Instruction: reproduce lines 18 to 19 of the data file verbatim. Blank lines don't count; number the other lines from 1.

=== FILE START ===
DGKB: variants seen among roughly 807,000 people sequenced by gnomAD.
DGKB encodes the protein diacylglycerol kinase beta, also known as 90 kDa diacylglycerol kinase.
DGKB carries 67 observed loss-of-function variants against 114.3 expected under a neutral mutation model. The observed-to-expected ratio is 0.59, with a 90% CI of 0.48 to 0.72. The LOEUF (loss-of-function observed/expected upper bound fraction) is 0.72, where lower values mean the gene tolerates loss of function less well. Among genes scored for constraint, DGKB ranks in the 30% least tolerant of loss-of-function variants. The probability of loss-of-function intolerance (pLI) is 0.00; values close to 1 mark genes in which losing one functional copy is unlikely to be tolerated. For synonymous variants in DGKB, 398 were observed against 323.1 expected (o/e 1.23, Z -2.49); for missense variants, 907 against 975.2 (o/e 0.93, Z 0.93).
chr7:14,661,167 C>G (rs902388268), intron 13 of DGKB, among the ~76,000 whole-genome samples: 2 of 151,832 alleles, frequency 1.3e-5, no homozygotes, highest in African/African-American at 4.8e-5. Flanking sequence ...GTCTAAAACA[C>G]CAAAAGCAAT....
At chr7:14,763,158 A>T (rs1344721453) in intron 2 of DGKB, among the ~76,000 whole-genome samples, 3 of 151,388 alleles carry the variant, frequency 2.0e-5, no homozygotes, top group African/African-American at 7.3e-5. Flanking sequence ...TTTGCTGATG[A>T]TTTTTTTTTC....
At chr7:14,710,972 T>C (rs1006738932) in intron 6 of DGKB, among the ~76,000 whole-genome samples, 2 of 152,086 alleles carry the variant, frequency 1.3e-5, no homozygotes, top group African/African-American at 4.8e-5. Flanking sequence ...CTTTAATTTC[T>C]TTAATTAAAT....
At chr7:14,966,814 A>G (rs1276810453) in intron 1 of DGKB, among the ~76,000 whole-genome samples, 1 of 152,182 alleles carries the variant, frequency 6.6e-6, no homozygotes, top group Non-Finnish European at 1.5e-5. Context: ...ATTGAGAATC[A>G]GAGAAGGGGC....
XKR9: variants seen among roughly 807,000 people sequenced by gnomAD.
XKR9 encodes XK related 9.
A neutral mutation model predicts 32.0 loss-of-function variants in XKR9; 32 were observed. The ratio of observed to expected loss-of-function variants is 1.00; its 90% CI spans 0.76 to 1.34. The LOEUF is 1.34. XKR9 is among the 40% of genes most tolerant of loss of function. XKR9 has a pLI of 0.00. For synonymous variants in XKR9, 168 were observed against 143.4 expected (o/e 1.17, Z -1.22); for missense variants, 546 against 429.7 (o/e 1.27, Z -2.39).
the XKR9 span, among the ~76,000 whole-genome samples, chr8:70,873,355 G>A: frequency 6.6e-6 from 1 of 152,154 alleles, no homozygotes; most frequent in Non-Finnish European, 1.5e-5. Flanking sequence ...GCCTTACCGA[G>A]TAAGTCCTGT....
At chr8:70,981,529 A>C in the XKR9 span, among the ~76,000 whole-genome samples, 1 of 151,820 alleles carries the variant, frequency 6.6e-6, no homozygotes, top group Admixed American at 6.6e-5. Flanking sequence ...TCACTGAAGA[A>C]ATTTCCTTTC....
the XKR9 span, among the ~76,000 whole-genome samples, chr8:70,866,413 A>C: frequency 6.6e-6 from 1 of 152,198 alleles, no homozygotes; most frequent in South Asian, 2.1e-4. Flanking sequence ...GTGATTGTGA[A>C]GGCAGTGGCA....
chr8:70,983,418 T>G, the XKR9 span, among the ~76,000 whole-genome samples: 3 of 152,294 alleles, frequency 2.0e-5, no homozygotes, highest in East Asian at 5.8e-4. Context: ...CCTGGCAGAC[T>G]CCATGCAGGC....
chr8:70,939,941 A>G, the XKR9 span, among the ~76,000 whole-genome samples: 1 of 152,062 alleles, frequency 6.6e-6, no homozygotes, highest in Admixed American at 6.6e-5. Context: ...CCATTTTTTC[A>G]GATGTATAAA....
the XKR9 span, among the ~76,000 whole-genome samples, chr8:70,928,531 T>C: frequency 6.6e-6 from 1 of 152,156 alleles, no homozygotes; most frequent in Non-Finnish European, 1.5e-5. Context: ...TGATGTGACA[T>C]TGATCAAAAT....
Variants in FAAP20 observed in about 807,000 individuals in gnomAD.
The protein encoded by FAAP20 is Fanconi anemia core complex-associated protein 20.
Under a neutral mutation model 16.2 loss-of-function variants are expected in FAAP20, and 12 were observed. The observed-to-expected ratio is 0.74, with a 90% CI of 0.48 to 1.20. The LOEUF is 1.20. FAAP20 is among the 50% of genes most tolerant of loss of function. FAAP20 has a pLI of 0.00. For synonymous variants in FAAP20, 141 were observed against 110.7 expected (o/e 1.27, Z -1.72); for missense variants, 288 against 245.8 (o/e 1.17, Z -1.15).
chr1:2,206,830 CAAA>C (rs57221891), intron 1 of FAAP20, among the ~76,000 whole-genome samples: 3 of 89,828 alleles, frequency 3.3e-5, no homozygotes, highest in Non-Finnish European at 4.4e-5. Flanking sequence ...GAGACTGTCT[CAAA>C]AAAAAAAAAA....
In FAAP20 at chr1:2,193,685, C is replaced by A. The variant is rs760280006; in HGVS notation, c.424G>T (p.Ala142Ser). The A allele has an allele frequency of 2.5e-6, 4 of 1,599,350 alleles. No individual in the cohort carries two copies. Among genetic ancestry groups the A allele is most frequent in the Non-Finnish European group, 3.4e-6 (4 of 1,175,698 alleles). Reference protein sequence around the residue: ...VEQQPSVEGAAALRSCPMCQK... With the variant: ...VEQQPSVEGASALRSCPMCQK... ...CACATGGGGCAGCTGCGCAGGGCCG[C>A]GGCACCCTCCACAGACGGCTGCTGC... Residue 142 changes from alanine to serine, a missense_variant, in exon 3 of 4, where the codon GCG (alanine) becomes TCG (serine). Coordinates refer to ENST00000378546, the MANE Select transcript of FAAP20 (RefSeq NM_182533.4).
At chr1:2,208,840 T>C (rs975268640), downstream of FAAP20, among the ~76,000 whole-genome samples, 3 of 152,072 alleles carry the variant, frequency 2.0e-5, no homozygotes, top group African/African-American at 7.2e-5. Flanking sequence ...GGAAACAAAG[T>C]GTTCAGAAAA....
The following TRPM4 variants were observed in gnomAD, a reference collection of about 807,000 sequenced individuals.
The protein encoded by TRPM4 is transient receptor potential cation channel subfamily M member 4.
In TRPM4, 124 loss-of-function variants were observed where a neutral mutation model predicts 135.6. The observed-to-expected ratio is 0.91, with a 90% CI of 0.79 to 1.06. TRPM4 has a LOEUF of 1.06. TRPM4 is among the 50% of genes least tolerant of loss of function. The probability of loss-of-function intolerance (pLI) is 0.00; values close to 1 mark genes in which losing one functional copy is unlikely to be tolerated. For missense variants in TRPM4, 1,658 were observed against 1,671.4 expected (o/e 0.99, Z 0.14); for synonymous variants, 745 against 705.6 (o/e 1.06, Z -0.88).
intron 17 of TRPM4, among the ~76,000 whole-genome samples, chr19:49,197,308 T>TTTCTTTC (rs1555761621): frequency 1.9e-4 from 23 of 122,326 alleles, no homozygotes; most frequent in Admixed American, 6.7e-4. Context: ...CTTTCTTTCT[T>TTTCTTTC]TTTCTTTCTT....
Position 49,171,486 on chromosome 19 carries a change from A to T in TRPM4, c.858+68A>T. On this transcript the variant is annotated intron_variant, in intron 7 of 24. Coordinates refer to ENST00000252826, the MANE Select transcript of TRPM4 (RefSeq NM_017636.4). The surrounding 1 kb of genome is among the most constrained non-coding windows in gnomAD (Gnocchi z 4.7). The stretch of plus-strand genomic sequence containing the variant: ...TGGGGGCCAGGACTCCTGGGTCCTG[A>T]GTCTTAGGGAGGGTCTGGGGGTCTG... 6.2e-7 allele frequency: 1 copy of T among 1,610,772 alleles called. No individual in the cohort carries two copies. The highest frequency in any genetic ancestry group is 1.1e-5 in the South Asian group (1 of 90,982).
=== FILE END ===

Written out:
The protein encoded by FAAP20 is Fanconi anemia core complex-associated protein 20.
Under a neutral mutation model 16.2 loss-of-function variants are expected in FAAP20, and 12 were observed. The observed-to-expected ratio is 0.74, with a 90% CI of 0.48 to 1.20. The LOEUF is 1.20. FAAP20 is among the 50% of genes most tolerant of loss of function. FAAP20 has a pLI of 0.00. For synonymous variants in FAAP20, 141 were observed against 110.7 expected (o/e 1.27, Z -1.72); for missense variants, 288 against 245.8 (o/e 1.17, Z -1.15).